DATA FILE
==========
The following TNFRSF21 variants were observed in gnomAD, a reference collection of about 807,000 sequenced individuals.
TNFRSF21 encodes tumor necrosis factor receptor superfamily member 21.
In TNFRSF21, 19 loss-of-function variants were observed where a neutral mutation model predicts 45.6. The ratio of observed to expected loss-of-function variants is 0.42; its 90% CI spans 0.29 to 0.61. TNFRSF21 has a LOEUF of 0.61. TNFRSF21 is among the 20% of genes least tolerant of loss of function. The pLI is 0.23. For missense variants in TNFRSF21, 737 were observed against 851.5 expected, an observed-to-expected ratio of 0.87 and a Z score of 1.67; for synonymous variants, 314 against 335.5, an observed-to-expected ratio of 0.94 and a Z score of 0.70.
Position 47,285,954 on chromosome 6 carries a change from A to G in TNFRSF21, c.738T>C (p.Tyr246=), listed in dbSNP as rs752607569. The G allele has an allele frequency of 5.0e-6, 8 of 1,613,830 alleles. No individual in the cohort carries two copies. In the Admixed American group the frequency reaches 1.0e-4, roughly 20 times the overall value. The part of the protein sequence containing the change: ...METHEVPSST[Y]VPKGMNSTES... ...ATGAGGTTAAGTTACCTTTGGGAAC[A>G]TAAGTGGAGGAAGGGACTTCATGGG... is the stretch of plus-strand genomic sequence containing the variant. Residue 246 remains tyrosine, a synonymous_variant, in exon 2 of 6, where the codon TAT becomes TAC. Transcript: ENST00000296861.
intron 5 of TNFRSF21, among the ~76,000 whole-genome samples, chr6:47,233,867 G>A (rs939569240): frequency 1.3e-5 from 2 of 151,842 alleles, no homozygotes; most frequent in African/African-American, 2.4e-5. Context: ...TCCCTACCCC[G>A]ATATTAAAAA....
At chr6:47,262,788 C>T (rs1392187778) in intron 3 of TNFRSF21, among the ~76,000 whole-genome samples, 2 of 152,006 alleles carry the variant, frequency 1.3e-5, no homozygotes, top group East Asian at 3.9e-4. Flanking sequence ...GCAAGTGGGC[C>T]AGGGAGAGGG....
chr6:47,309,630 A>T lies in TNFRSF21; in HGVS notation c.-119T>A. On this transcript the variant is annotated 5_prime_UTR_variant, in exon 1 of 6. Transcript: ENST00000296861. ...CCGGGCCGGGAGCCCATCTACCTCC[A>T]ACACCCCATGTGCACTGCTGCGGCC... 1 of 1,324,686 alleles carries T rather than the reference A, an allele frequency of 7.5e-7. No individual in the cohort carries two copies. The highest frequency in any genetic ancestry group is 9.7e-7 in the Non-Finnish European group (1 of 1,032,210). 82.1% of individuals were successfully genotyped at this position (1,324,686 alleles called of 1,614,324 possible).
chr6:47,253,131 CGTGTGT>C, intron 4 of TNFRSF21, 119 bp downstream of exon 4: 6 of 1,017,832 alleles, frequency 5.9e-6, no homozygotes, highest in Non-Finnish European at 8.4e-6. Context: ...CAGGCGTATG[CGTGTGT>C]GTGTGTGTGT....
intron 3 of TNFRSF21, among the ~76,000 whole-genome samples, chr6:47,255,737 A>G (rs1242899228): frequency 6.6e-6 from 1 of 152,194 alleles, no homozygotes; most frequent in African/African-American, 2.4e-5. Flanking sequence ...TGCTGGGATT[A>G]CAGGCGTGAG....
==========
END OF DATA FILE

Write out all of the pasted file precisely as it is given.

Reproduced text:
The following TNFRSF21 variants were observed in gnomAD, a reference collection of about 807,000 sequenced individuals.
TNFRSF21 encodes tumor necrosis factor receptor superfamily member 21.
In TNFRSF21, 19 loss-of-function variants were observed where a neutral mutation model predicts 45.6. The ratio of observed to expected loss-of-function variants is 0.42; its 90% CI spans 0.29 to 0.61. TNFRSF21 has a LOEUF of 0.61. TNFRSF21 is among the 20% of genes least tolerant of loss of function. The pLI is 0.23. For missense variants in TNFRSF21, 737 were observed against 851.5 expected, an observed-to-expected ratio of 0.87 and a Z score of 1.67; for synonymous variants, 314 against 335.5, an observed-to-expected ratio of 0.94 and a Z score of 0.70.
Position 47,285,954 on chromosome 6 carries a change from A to G in TNFRSF21, c.738T>C (p.Tyr246=), listed in dbSNP as rs752607569. The G allele has an allele frequency of 5.0e-6, 8 of 1,613,830 alleles. No individual in the cohort carries two copies. In the Admixed American group the frequency reaches 1.0e-4, roughly 20 times the overall value. The part of the protein sequence containing the change: ...METHEVPSST[Y]VPKGMNSTES... ...ATGAGGTTAAGTTACCTTTGGGAAC[A>G]TAAGTGGAGGAAGGGACTTCATGGG... is the stretch of plus-strand genomic sequence containing the variant. Residue 246 remains tyrosine, a synonymous_variant, in exon 2 of 6, where the codon TAT becomes TAC. Transcript: ENST00000296861.
intron 5 of TNFRSF21, among the ~76,000 whole-genome samples, chr6:47,233,867 G>A (rs939569240): frequency 1.3e-5 from 2 of 151,842 alleles, no homozygotes; most frequent in African/African-American, 2.4e-5. Context: ...TCCCTACCCC[G>A]ATATTAAAAA....
At chr6:47,262,788 C>T (rs1392187778) in intron 3 of TNFRSF21, among the ~76,000 whole-genome samples, 2 of 152,006 alleles carry the variant, frequency 1.3e-5, no homozygotes, top group East Asian at 3.9e-4. Flanking sequence ...GCAAGTGGGC[C>T]AGGGAGAGGG....
chr6:47,309,630 A>T lies in TNFRSF21; in HGVS notation c.-119T>A. On this transcript the variant is annotated 5_prime_UTR_variant, in exon 1 of 6. Transcript: ENST00000296861. ...CCGGGCCGGGAGCCCATCTACCTCC[A>T]ACACCCCATGTGCACTGCTGCGGCC... 1 of 1,324,686 alleles carries T rather than the reference A, an allele frequency of 7.5e-7. No individual in the cohort carries two copies. The highest frequency in any genetic ancestry group is 9.7e-7 in the Non-Finnish European group (1 of 1,032,210). 82.1% of individuals were successfully genotyped at this position (1,324,686 alleles called of 1,614,324 possible).
chr6:47,253,131 CGTGTGT>C, intron 4 of TNFRSF21, 119 bp downstream of exon 4: 6 of 1,017,832 alleles, frequency 5.9e-6, no homozygotes, highest in Non-Finnish European at 8.4e-6. Context: ...CAGGCGTATG[CGTGTGT>C]GTGTGTGTGT....
intron 3 of TNFRSF21, among the ~76,000 whole-genome samples, chr6:47,255,737 A>G (rs1242899228): frequency 6.6e-6 from 1 of 152,194 alleles, no homozygotes; most frequent in African/African-American, 2.4e-5. Flanking sequence ...TGCTGGGATT[A>G]CAGGCGTGAG....